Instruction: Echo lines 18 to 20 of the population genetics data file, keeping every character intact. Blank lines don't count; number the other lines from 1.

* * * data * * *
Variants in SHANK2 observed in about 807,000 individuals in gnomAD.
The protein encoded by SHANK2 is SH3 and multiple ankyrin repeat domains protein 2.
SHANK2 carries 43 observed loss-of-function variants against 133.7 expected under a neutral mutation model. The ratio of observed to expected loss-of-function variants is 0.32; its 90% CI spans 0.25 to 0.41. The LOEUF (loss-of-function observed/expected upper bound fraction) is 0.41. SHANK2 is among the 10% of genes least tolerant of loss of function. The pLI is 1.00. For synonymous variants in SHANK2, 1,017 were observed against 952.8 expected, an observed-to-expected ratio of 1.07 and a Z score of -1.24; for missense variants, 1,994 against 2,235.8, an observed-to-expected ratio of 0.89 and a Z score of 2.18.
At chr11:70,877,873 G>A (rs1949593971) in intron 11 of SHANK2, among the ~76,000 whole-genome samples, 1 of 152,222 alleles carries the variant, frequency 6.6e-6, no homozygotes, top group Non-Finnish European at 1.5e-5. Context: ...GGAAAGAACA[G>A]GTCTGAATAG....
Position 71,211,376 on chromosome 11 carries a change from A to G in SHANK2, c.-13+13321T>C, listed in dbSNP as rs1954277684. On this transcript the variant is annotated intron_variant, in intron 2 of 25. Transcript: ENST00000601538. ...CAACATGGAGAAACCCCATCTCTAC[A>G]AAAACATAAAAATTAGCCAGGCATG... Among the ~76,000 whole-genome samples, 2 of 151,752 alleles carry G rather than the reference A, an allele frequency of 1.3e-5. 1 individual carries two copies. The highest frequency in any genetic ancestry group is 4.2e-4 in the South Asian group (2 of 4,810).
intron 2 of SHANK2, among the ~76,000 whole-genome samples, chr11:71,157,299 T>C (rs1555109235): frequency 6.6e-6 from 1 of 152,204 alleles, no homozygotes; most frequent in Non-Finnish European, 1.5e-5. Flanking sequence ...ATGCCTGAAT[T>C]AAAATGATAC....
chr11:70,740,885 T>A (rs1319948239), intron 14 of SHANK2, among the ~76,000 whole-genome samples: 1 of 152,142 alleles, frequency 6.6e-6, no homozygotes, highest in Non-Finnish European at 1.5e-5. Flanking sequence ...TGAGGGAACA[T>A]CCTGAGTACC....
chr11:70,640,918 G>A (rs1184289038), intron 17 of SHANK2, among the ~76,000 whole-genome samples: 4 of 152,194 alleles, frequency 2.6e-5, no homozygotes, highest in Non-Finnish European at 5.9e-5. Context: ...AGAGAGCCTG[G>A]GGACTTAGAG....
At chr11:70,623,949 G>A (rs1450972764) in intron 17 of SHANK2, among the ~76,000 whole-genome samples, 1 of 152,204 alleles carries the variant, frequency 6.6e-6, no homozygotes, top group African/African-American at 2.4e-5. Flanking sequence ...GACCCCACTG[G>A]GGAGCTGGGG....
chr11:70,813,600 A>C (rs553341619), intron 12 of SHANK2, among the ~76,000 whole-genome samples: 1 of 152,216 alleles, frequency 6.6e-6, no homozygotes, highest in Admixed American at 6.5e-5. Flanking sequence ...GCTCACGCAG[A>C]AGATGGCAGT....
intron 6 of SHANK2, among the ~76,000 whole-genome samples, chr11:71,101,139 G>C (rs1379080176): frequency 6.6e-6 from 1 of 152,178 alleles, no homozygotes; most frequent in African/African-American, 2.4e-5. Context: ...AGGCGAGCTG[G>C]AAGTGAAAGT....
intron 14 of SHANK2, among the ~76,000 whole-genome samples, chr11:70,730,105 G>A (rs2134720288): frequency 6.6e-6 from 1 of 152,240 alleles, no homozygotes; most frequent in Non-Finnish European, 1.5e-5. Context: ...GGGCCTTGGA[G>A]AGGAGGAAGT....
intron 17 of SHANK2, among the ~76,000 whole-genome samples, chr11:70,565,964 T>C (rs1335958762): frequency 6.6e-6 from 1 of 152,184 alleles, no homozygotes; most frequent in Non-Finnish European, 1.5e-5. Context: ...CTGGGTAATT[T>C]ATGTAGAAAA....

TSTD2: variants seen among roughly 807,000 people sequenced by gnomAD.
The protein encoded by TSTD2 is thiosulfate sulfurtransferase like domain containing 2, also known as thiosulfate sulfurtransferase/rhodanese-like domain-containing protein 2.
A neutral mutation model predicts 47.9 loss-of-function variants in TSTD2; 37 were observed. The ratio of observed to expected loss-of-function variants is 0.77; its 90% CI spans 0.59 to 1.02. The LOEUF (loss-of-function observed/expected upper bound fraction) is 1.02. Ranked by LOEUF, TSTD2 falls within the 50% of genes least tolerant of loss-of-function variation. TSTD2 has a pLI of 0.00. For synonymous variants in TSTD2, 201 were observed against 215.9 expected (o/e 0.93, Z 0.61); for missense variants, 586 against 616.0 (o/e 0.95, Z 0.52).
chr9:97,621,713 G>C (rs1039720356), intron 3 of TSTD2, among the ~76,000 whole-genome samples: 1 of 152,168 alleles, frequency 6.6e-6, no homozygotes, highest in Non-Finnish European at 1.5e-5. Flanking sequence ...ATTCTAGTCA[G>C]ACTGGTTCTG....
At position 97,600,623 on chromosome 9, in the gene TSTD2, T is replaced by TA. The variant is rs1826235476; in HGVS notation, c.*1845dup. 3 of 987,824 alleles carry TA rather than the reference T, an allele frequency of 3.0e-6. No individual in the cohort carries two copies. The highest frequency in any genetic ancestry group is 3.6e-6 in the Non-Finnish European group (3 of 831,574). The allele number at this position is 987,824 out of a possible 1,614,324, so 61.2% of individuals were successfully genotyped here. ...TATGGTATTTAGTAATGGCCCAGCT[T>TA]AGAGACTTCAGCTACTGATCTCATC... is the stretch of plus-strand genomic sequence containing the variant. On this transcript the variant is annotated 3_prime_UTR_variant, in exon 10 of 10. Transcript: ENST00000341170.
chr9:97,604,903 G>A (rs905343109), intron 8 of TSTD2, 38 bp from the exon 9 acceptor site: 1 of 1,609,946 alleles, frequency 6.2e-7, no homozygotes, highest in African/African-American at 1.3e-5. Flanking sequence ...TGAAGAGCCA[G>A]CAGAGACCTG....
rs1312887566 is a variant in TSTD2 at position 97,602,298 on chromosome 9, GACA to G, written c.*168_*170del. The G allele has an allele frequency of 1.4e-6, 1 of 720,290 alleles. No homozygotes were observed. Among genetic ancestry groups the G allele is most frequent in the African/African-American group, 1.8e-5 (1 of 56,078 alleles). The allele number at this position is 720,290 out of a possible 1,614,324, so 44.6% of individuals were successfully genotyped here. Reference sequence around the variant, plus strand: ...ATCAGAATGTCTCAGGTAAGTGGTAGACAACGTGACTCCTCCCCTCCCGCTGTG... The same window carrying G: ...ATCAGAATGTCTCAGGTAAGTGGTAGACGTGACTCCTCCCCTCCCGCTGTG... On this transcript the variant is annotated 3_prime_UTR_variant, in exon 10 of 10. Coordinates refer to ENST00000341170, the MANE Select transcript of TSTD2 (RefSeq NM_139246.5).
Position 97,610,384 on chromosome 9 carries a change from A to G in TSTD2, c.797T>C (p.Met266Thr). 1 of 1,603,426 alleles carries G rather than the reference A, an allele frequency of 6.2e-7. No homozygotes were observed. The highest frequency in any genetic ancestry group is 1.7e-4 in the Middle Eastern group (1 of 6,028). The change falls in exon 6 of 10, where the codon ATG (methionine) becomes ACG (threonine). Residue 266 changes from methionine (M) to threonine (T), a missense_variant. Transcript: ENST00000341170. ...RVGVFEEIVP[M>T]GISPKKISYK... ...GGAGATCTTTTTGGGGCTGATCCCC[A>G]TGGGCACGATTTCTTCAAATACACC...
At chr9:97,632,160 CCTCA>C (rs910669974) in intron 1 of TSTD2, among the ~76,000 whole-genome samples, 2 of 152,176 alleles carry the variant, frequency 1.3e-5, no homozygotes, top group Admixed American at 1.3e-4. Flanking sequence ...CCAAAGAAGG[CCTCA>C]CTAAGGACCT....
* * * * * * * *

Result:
At position 97,600,623 on chromosome 9, in the gene TSTD2, T is replaced by TA. The variant is rs1826235476; in HGVS notation, c.*1845dup. 3 of 987,824 alleles carry TA rather than the reference T, an allele frequency of 3.0e-6. No individual in the cohort carries two copies. The highest frequency in any genetic ancestry group is 3.6e-6 in the Non-Finnish European group (3 of 831,574). The allele number at this position is 987,824 out of a possible 1,614,324, so 61.2% of individuals were successfully genotyped here. ...TATGGTATTTAGTAATGGCCCAGCT[T>TA]AGAGACTTCAGCTACTGATCTCATC... is the stretch of plus-strand genomic sequence containing the variant. On this transcript the variant is annotated 3_prime_UTR_variant, in exon 10 of 10. Transcript: ENST00000341170.
chr9:97,604,903 G>A (rs905343109), intron 8 of TSTD2, 38 bp from the exon 9 acceptor site: 1 of 1,609,946 alleles, frequency 6.2e-7, no homozygotes, highest in African/African-American at 1.3e-5. Flanking sequence ...TGAAGAGCCA[G>A]CAGAGACCTG....
rs1312887566 is a variant in TSTD2 at position 97,602,298 on chromosome 9, GACA to G, written c.*168_*170del. The G allele has an allele frequency of 1.4e-6, 1 of 720,290 alleles. No homozygotes were observed. Among genetic ancestry groups the G allele is most frequent in the African/African-American group, 1.8e-5 (1 of 56,078 alleles). The allele number at this position is 720,290 out of a possible 1,614,324, so 44.6% of individuals were successfully genotyped here. Reference sequence around the variant, plus strand: ...ATCAGAATGTCTCAGGTAAGTGGTAGACAACGTGACTCCTCCCCTCCCGCTGTG... The same window carrying G: ...ATCAGAATGTCTCAGGTAAGTGGTAGACGTGACTCCTCCCCTCCCGCTGTG... On this transcript the variant is annotated 3_prime_UTR_variant, in exon 10 of 10. Coordinates refer to ENST00000341170, the MANE Select transcript of TSTD2 (RefSeq NM_139246.5).